There are deeply disturbing reports today from William Worley on the Devex website that the FCDO is allegedly gagging NGOs from speaking out, even as their budgets are slashed. There are some quite extraordinary reports. They are anonymous, because many of these organisations are frightened to speak out. One NGO executive said:
“FCDO said we should not engage with the press as it could affect fund allocations!...But obviously the more outrageous and sinister the more senior it was, and the more organised and deliberate.”
Another executive from one of the NGOs said that FCDO officials were not being communicative, and
“we haven’t been able to get much out of people because” the FCDO
“are closing down all communications with everyone because of the cuts.”
Report after report after report is coming out about the way the Department is handling things. The very least it could do is be transparent and open and engage with some of these organisations, which are on the frontline and are responding to the covid pandemic and these threats with the moral purpose that I think is at the heart of being British, and for which we have had cross-party support for decades, particularly when tragedies such as covid and other diseases have hit.
Will the Minister commit to publishing urgently the scale of cuts to NGOs and, specifically, faith-based organisations? What role does he see for them in responding to the primary and secondary impact of the crisis? How can it be justified to make these cuts when his Department is also admitting that famine is occurring in some of these countries, not just that they are at risk?
The Minister is a good person and I know he will have to toe his FCDO line, but he knows that this measure is not supported on his own side. He knows the cross-party concern that there is. He knows the many members of his own party who have spoken out powerfully in recent weeks. Former Ministers and people from all different political persuasions within his party, some of whom I disagree with on many issues, have spoken passionately and powerfully on this one. It is breaking our promises to do our fair share. It breaches the cross-party consensus in the International Development (Official Development Assistance Target) Act 2015.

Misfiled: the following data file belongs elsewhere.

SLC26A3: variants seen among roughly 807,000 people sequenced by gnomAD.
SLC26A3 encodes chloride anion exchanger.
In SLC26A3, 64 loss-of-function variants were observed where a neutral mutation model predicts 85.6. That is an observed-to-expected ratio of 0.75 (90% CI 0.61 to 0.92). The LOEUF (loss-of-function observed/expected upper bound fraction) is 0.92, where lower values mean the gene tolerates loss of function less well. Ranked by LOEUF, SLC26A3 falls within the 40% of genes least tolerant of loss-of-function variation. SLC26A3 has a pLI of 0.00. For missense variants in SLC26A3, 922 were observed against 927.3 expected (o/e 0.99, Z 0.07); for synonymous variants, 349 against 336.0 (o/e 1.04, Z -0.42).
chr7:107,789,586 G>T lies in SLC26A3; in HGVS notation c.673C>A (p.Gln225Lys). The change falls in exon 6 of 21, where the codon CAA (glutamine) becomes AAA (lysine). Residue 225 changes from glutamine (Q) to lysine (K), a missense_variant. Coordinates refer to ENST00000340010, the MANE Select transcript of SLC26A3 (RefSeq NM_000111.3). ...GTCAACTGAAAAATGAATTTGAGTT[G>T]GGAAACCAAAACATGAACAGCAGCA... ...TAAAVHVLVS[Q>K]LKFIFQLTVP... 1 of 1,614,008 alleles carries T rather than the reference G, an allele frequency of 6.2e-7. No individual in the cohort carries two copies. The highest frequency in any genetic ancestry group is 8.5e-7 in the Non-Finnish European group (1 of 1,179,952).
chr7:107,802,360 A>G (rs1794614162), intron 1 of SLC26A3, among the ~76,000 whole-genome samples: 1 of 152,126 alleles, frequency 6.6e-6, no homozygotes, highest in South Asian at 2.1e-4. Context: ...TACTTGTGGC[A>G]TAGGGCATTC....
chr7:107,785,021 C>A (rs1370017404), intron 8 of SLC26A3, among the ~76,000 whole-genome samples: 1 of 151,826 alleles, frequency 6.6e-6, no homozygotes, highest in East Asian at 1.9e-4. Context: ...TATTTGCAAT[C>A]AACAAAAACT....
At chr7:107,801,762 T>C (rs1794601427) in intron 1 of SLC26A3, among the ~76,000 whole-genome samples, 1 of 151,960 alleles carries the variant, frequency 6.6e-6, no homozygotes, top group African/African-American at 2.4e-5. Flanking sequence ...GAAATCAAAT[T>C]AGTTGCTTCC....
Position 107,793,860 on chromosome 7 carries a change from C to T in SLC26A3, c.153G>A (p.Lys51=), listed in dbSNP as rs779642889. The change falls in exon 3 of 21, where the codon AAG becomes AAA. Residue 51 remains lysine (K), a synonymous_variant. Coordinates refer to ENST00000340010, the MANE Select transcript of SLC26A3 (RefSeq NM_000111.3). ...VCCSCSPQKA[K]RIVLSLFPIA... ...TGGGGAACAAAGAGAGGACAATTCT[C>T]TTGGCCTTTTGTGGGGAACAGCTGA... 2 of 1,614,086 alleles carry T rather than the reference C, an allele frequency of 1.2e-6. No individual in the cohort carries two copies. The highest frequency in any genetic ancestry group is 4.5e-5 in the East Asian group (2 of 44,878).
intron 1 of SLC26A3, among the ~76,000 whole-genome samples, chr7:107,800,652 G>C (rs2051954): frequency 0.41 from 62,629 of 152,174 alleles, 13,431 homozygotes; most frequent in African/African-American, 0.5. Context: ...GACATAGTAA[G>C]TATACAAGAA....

The Government need to rethink. We are heading into that crucial G7 summit, where health is key on the agenda. We have the COP summit coming up, where climate change and its impact are so crucial. We are handing over the chair of the Commonwealth to a Commonwealth member we enjoy a close partnership with, Rwanda, later this year. This is an extraordinary backdrop to be heading into those crucial international moments, when the threats are so large, when the impact from covid-19 is so great, when other threats to people around the world are so intense and when we would be letting down those very Churches, faith-based organisations and NGOs that have been at the heart of a moral, humanitarian, human rights-based British response over so many decades. I urge the Government to think again.